The administration has pledged to use part of an expected $4.2 billion surplus for education. About $10 billion more would go to schools and community colleges, both of which endured deep cuts during and after the recession.
The governor said revenue from Proposition 30, a tax initiative to pay for education and emergency services, had enabled the state to do that.
He also touted his Local Control Funding Formula, which gives local school boards and administrators more wiggle room to set spending priorities.
“It’s very clear to me that the people who can affect our schools the most, of course, are teachers, principals and superintendents, and the state should be in a supportive role rather than an increasingly prescriptive role trying to issue orders from headquarters,” Brown said.
Asked about possible cuts to Agriculture Education Incentive Grants, which among other things pay for Future Farmers of America programming, the governor said he wasn’t familiar with the grants but schools are free to use their Local Control Funding Formula money for this purpose. The formula gives high schools an extra add-on to reflect higher costs for programs like career technical education.
“I’m very supportive of Future Farmers of America. I’m supportive of education that relates to where students live and what they’re going to be facing in their later life, so if it’s in an area with farming or oil or energy development, that certainly should be part of the curriculum,” Brown said.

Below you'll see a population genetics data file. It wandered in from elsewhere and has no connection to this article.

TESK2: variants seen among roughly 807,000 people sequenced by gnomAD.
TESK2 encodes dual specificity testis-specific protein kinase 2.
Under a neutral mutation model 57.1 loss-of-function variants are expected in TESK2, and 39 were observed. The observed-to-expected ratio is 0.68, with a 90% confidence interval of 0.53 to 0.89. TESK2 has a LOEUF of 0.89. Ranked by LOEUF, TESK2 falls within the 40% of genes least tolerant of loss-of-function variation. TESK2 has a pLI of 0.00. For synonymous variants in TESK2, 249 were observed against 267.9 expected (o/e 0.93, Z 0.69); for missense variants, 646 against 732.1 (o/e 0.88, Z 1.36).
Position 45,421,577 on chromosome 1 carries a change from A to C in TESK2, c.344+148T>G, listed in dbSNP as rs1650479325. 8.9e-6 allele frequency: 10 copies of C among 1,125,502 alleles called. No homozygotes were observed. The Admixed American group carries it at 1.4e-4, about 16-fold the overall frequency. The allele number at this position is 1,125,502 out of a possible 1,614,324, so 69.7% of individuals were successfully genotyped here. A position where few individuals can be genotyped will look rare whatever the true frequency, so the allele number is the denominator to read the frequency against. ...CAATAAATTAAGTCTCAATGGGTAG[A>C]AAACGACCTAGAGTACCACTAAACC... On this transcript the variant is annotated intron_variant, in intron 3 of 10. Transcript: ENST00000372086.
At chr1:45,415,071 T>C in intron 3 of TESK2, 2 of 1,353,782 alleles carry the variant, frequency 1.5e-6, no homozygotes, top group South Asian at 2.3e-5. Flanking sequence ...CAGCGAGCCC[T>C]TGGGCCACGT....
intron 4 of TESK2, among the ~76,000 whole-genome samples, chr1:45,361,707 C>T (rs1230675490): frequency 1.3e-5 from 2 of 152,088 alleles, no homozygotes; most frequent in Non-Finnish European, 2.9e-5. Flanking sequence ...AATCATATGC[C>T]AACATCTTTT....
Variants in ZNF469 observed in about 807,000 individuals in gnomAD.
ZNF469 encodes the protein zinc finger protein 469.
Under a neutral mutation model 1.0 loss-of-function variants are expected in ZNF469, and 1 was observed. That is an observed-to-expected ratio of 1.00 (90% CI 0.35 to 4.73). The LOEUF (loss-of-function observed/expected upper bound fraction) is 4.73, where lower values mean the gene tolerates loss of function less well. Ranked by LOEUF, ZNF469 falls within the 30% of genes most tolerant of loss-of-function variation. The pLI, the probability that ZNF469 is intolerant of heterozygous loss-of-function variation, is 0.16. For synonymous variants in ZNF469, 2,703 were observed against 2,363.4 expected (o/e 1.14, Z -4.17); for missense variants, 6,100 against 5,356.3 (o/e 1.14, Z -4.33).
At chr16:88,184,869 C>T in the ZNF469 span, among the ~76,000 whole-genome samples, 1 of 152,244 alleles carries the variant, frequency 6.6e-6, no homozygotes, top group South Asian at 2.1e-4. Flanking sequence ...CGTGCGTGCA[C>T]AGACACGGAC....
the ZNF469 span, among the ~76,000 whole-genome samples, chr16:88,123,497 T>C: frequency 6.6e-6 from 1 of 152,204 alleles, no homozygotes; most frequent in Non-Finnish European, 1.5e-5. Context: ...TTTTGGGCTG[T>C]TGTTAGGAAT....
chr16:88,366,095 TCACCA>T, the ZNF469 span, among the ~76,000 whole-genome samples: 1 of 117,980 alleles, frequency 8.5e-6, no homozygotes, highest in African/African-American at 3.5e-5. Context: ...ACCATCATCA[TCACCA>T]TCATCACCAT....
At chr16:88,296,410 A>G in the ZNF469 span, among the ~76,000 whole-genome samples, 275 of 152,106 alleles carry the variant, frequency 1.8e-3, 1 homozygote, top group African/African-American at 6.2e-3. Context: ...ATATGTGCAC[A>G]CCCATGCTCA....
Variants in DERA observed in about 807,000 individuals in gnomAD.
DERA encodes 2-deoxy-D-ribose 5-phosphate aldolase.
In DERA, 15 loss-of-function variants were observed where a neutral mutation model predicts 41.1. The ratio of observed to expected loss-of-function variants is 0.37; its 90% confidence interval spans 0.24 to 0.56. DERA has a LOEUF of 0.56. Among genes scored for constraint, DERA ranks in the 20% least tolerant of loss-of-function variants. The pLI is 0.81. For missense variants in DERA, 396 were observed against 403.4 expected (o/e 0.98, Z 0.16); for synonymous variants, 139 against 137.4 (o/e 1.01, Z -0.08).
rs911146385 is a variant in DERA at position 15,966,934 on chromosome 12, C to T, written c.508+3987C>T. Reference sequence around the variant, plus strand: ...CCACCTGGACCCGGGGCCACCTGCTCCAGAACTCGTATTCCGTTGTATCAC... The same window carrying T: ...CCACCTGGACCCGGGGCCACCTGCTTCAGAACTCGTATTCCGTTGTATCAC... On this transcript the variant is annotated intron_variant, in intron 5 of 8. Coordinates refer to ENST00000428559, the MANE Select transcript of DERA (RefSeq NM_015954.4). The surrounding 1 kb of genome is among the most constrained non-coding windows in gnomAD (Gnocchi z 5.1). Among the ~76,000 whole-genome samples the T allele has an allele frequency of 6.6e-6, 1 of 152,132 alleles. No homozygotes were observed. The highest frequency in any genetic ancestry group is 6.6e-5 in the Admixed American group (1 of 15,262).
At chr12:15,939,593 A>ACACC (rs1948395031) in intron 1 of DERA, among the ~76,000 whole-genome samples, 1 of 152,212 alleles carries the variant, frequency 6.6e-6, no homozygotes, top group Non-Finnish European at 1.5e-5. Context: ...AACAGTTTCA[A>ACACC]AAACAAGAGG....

The governor also met Tuesday with administrators from Cal State Bakersfield and the Kern Community College District.
CSUB President Horace Mitchell said it was a casual, informal conversation that mostly centered on leadership and building community.
Mitchell said he generally thinks the governor has proposed “a good budget,” but his one concern is that it doesn’t provide more money to expand enrollment in the Cal State University System.
At the news conference, the governor discussed budget priorities such as high-speed rail, defending a plan to pay for rail construction with $250 million from the state’s cap-and-trade program, which collects fees from carbon producers. The nonpartisan Legislative Analyst’s Office has said the plan is legally risky and the rail system may not sufficiently reduce emissions.
“A, I don’t agree and B, I think that high-speed rail is a very important opportunity for California,” Brown said. “Many countries in the world have high-speed rail.“America should, as the leading world power, be able to construct a railroad. In the middle of the Civil War, Abraham Lincoln and the Congress funded the transcontinental railroad.”
The only alternative is to build more freeways and airport runways, Brown said. Bakersfield doesn’t need the smog or traffic from additional cars and most planes would bypass Bakersfield, so it’s in the city’s best interest to support high-speed rail, Brown said, adding that the rail line connecting northern and southern California would spur economic development and create local jobs.
On the subject of jobs, Brown said the state is rebounding from the economic downturn and pointed to the state’s budget surplus as evidence.
“We had a deficit of $26.6 billion (in 2011), now we have a surplus. That’s real movement,” he said.
That growth is even coming to the Central Valley, Brown said, but he conceded that the valley’s recovery has lagged the rest of the state.
The governor promised to return to the area to get information about the region’s specific concerns.
“I will be back,” he said. “This is not my last visit to Bakersfield. You will see me more often in the months ahead because I like it here.”
Asked if that was because he was running for re-election, the governor quipped, “I’m not running for re-election...yet.”